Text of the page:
Condition is more common in boys.The incidence is approximately six times in infantswhose mothers have diabetes because of delayedpulmonary maturity despite macrosomia.
PATHOPHYSIOLOGYImmature type II alveolar cells produce lesssurfactant, causing an increase in alveolar surfacetension and a decrease in compliance.Resultant atelectasis causes pulmonary vascularconstriction, hypoperfusion, and lung tissueischemia.Hyaline membranes form through the combination ofsloughed epithelium, protein, and edema.
CLASSIC FINDINGSCyanosis,Grunting,Nasal flaring,Intercostal and subcostal retractions Tachypnea
CHESTRADIOGRAPHFINDINGShomogenous opaque infiltratesand air bronchograms.airless lung tissue seen againstair-filled bronchi.decreased lung volumes also canbe detected.Kurl S, Heinonen KM, Kiekara O.The first chest radiograph inneonates exhibiting respiratorydistress at birth. Clin Pediatr(Phila). 1997:285–9.
TREATMENTRequires intervention mentioned in TTN.In addition;prenatal administration of corticosteroids between 24and 34 weeks gestation reduces the risk of respiratorydistress syndrome when the risk of preterm delivery ishigh.
Postnatal corticosteroid administration for respiratorydistress syndrome may decrease mortality risk, but itmay increase the risk of cerebral palsy.Inhaled nitric oxide may alleviate concomitantpersistent pulmonary hypertension of the newborn,but its use in preterm infants is experimental.
MECONIUM ASPIRATIONSYNDROMEMeconium-stained amniotic fluid occurs inapproximately 15 percent of deliveries.It causes meconium aspiration syndrome in the infantin 10 to 15 percent of those cases, typically in term andpost-term infants.
Meconium is composed of desquamated cells,secretions, lanugo, water, bile pigments, pancreaticenzymes, and amniotic fluid.It is sterile although when aspirated, is locallyirritative, obstructive, and a medium for bacterialculture.Meconium passage may represent hypoxia or fetaldistress in utero.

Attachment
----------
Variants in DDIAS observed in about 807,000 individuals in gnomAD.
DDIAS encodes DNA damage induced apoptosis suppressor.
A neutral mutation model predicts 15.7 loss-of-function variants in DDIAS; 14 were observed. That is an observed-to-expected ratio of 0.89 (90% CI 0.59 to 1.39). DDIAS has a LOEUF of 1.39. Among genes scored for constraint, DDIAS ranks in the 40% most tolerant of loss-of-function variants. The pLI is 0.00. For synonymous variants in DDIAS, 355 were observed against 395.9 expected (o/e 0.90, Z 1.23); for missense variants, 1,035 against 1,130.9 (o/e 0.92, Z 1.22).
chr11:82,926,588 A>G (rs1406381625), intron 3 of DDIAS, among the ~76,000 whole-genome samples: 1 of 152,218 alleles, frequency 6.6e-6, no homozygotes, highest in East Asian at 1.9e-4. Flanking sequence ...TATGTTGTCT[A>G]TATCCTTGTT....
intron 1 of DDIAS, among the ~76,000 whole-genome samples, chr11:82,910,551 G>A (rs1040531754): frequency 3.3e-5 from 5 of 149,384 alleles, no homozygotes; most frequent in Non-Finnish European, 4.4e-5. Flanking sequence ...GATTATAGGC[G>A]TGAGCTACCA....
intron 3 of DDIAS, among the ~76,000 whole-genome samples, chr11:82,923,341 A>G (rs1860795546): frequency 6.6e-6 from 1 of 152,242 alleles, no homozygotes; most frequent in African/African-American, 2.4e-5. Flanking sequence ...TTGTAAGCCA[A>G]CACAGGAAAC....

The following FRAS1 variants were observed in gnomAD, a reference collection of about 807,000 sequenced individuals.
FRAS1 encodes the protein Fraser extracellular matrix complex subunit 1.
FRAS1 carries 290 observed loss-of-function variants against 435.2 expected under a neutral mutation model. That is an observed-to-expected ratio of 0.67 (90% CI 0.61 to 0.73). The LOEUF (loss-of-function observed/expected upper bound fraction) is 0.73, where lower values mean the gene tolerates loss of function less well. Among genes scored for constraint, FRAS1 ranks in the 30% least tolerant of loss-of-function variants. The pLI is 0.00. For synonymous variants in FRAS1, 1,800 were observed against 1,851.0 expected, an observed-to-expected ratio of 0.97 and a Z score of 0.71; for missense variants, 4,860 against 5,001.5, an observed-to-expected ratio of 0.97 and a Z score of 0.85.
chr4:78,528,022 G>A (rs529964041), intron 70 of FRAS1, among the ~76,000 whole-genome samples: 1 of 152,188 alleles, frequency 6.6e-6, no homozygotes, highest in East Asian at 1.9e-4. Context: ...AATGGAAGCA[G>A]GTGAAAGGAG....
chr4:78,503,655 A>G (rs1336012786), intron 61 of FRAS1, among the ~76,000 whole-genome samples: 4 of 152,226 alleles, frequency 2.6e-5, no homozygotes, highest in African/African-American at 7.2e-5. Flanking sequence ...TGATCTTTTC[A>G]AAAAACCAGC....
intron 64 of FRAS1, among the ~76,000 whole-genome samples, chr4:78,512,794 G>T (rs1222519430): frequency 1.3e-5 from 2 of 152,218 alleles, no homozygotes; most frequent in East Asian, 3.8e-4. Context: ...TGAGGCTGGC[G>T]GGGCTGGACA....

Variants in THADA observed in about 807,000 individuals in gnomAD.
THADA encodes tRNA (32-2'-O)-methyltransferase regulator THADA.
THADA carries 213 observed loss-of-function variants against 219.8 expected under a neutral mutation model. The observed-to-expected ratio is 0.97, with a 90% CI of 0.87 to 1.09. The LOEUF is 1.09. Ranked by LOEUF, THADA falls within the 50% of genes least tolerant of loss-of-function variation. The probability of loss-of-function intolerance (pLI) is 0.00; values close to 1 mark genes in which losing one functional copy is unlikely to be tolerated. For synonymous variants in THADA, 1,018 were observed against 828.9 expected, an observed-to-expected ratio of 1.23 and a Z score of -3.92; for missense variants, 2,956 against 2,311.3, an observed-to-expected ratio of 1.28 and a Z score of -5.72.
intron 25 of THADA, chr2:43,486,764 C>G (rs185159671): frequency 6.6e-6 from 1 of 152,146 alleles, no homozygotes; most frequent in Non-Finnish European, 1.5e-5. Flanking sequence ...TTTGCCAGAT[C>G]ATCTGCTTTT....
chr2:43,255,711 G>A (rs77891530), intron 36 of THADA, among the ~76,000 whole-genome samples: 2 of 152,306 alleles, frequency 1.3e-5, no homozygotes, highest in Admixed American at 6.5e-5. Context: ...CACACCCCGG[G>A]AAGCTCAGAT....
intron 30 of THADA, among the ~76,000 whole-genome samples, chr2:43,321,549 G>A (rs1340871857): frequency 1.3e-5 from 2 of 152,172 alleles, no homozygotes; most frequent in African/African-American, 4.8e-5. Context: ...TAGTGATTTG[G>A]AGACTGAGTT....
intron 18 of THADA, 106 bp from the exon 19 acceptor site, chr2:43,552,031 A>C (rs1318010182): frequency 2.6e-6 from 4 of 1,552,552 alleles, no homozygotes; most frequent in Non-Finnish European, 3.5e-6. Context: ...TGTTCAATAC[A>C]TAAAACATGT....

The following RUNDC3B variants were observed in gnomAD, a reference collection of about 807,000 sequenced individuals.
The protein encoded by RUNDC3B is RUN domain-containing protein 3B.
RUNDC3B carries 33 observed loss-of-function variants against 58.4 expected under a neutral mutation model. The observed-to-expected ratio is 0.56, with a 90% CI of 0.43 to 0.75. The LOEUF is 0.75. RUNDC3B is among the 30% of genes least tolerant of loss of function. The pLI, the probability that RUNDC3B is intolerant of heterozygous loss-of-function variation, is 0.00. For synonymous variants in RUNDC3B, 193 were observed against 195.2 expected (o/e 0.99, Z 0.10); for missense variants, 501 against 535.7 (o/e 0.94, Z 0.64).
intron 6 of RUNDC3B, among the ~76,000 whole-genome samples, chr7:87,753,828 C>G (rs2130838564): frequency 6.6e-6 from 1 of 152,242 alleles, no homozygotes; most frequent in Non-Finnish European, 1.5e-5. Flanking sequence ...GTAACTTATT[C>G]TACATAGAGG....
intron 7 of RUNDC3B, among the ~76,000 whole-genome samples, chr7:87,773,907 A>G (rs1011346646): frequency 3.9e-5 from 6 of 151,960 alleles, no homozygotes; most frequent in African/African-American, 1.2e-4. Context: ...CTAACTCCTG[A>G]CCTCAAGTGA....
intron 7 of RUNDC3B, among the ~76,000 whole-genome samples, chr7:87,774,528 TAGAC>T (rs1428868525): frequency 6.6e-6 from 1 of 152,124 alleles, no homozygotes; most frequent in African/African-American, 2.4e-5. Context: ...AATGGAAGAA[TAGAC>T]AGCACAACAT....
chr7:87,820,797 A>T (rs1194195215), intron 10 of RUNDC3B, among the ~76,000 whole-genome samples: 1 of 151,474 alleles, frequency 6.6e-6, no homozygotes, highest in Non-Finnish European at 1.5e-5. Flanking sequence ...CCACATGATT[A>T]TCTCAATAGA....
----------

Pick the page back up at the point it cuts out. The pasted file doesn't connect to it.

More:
CLINICAL PRESENTATIONSymptoms similar to infants with TTN, but thepresentation may suggest a more severe condition.Infants have greater degrees of tachypnea, retractionand lethargy immediately after delivery.Some infants will have an asymptomatic period ofseveral hours before respiratory distress becomeapparent.
Arterial Blood Gases will reveal more acidosis,hypercapnia and hypoxemia than in infants with TTN. Hypoxia occurs because aspiration takes place inutero
TREATMENTGeneral treatment practices are often used for meconiumaspiration syndrome.Standard prevention and treatment for meconium aspirationsyndrome previously included suctioning the mouth and naresupon head delivery before body delivery. However, recent evidence suggests that aspiration occurs inutero, not at delivery; therefore, infant delivery should not beimpeded for suctioning.
After full delivery, the infant should be handed to aneonatal team for evaluation and treatment.Although infants previously have been given intubationand airway suctioning, current evidence favors expectantmanagement unless certain criteria (i.e., spontaneousrespiration, heart rate greater than 100 beats per minute,and reasonable tone) are absent.
MANAGEMENT OF DELIVERIESWITH MECONIUM-STAINEDAMNIOTIC FLUID